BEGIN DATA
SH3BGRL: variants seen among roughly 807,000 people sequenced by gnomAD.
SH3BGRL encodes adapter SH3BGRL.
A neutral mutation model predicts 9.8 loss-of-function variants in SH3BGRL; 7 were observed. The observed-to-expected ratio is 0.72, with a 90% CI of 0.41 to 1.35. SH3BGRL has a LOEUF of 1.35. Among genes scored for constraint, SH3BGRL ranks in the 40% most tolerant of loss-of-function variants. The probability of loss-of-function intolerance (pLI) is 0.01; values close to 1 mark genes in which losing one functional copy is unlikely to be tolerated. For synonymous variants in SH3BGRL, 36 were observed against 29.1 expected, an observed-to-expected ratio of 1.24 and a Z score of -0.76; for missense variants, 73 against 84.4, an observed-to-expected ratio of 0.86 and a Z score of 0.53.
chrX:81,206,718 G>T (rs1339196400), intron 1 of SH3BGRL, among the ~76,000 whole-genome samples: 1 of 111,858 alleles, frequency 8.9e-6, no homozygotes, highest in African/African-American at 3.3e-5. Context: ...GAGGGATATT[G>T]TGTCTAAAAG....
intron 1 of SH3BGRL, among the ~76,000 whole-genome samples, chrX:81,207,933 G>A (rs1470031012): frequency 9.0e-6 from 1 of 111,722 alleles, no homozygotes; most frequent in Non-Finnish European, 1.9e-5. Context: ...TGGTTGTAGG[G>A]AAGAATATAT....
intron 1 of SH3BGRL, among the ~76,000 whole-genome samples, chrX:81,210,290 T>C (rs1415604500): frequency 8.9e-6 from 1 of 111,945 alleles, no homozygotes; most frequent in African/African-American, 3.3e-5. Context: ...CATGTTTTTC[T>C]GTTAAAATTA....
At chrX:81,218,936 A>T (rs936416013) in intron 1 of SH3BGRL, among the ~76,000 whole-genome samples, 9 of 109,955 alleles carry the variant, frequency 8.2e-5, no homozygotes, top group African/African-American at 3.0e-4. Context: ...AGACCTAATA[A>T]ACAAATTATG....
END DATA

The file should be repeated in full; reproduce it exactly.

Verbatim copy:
SH3BGRL: variants seen among roughly 807,000 people sequenced by gnomAD.
SH3BGRL encodes adapter SH3BGRL.
A neutral mutation model predicts 9.8 loss-of-function variants in SH3BGRL; 7 were observed. The observed-to-expected ratio is 0.72, with a 90% CI of 0.41 to 1.35. SH3BGRL has a LOEUF of 1.35. Among genes scored for constraint, SH3BGRL ranks in the 40% most tolerant of loss-of-function variants. The probability of loss-of-function intolerance (pLI) is 0.01; values close to 1 mark genes in which losing one functional copy is unlikely to be tolerated. For synonymous variants in SH3BGRL, 36 were observed against 29.1 expected, an observed-to-expected ratio of 1.24 and a Z score of -0.76; for missense variants, 73 against 84.4, an observed-to-expected ratio of 0.86 and a Z score of 0.53.
chrX:81,206,718 G>T (rs1339196400), intron 1 of SH3BGRL, among the ~76,000 whole-genome samples: 1 of 111,858 alleles, frequency 8.9e-6, no homozygotes, highest in African/African-American at 3.3e-5. Context: ...GAGGGATATT[G>T]TGTCTAAAAG....
intron 1 of SH3BGRL, among the ~76,000 whole-genome samples, chrX:81,207,933 G>A (rs1470031012): frequency 9.0e-6 from 1 of 111,722 alleles, no homozygotes; most frequent in Non-Finnish European, 1.9e-5. Context: ...TGGTTGTAGG[G>A]AAGAATATAT....
intron 1 of SH3BGRL, among the ~76,000 whole-genome samples, chrX:81,210,290 T>C (rs1415604500): frequency 8.9e-6 from 1 of 111,945 alleles, no homozygotes; most frequent in African/African-American, 3.3e-5. Context: ...CATGTTTTTC[T>C]GTTAAAATTA....
At chrX:81,218,936 A>T (rs936416013) in intron 1 of SH3BGRL, among the ~76,000 whole-genome samples, 9 of 109,955 alleles carry the variant, frequency 8.2e-5, no homozygotes, top group African/African-American at 3.0e-4. Context: ...AGACCTAATA[A>T]ACAAATTATG....